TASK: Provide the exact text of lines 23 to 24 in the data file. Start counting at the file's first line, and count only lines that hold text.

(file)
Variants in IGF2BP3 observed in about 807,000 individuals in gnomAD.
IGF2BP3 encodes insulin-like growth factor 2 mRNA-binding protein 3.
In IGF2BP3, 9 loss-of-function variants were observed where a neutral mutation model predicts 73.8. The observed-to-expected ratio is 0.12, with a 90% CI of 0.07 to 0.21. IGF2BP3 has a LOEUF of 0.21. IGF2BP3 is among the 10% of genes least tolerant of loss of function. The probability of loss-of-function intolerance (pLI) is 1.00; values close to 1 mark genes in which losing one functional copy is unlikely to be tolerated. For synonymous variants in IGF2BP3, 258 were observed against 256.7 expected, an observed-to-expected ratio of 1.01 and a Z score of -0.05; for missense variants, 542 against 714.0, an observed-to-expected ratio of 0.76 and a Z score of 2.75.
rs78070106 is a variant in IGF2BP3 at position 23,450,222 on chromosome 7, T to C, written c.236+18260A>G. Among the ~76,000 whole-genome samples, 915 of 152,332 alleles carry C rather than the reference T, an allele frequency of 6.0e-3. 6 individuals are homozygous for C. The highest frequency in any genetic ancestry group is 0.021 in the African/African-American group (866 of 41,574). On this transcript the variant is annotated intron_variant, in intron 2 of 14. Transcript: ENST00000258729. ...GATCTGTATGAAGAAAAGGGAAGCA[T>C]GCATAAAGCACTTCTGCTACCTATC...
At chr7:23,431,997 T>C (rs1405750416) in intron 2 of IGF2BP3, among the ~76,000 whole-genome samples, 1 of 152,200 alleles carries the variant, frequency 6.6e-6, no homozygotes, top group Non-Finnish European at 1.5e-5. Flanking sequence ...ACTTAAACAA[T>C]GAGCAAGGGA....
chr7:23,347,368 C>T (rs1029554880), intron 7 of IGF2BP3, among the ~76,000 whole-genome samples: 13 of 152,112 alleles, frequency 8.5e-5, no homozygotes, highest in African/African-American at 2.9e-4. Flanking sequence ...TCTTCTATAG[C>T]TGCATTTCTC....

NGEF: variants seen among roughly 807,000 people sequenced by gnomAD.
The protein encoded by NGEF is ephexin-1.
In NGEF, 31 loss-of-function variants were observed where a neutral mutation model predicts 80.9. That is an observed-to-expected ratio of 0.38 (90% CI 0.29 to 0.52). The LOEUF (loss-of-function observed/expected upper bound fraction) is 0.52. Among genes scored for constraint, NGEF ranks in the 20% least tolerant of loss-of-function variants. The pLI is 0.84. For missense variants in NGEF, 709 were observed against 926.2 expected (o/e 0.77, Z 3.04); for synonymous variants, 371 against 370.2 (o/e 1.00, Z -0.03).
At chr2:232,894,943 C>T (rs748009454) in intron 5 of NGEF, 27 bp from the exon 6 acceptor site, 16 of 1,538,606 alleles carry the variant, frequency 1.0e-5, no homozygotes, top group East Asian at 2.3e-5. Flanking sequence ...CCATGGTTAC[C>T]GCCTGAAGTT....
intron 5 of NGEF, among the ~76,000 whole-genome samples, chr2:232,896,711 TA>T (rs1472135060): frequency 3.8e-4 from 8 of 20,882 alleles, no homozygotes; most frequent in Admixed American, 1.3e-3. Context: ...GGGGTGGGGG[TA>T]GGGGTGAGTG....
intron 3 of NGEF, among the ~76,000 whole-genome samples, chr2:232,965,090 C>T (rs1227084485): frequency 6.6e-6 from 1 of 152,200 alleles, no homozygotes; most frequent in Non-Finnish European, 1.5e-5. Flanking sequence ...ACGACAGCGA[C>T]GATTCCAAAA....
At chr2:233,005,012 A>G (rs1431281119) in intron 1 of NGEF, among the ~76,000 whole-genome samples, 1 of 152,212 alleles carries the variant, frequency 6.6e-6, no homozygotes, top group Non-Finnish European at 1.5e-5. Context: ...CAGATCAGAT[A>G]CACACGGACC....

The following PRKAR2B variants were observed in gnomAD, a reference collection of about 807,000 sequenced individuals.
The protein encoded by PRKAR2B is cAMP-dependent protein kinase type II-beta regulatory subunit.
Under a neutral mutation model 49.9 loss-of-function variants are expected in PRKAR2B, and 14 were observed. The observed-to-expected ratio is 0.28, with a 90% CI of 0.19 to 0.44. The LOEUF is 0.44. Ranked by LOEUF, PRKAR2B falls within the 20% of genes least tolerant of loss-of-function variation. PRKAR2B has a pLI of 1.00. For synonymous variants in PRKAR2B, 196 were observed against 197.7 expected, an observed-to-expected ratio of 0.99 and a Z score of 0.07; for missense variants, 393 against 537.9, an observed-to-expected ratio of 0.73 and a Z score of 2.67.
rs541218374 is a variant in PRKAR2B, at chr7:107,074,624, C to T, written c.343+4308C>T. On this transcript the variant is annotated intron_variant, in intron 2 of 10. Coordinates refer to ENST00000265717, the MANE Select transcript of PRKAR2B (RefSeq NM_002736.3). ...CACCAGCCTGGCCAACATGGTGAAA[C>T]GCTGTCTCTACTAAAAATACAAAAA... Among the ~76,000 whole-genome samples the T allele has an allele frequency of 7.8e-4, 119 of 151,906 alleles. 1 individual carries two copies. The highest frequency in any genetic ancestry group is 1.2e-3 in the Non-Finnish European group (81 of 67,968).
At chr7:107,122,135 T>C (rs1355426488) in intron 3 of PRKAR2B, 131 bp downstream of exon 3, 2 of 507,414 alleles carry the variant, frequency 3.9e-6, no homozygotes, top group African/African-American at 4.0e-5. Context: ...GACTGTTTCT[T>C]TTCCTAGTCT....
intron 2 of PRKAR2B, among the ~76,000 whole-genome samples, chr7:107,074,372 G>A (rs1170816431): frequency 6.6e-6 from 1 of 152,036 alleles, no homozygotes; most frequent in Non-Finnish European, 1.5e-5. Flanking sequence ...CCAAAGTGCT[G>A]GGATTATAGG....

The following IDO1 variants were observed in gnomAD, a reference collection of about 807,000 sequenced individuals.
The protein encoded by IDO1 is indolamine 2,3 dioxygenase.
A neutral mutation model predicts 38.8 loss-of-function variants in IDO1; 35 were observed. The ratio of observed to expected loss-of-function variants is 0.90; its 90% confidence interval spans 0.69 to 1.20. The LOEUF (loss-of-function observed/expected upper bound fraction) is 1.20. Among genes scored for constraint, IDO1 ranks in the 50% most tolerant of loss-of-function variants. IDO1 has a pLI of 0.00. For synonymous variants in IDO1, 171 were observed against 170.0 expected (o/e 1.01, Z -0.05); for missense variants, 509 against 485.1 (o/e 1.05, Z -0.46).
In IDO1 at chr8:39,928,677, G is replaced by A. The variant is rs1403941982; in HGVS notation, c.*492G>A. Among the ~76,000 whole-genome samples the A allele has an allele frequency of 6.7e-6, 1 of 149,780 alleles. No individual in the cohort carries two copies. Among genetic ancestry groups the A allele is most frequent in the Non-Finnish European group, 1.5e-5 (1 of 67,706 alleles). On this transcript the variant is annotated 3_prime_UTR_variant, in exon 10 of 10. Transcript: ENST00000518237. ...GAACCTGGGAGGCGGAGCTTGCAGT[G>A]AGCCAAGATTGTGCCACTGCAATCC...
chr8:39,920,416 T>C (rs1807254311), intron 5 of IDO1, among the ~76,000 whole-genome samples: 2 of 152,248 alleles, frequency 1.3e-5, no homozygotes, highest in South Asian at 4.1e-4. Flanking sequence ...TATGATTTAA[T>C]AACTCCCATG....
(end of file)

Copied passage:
In IDO1 at chr8:39,928,677, G is replaced by A. The variant is rs1403941982; in HGVS notation, c.*492G>A. Among the ~76,000 whole-genome samples the A allele has an allele frequency of 6.7e-6, 1 of 149,780 alleles. No individual in the cohort carries two copies. Among genetic ancestry groups the A allele is most frequent in the Non-Finnish European group, 1.5e-5 (1 of 67,706 alleles). On this transcript the variant is annotated 3_prime_UTR_variant, in exon 10 of 10. Transcript: ENST00000518237. ...GAACCTGGGAGGCGGAGCTTGCAGT[G>A]AGCCAAGATTGTGCCACTGCAATCC...
chr8:39,920,416 T>C (rs1807254311), intron 5 of IDO1, among the ~76,000 whole-genome samples: 2 of 152,248 alleles, frequency 1.3e-5, no homozygotes, highest in South Asian at 4.1e-4. Flanking sequence ...TATGATTTAA[T>C]AACTCCCATG....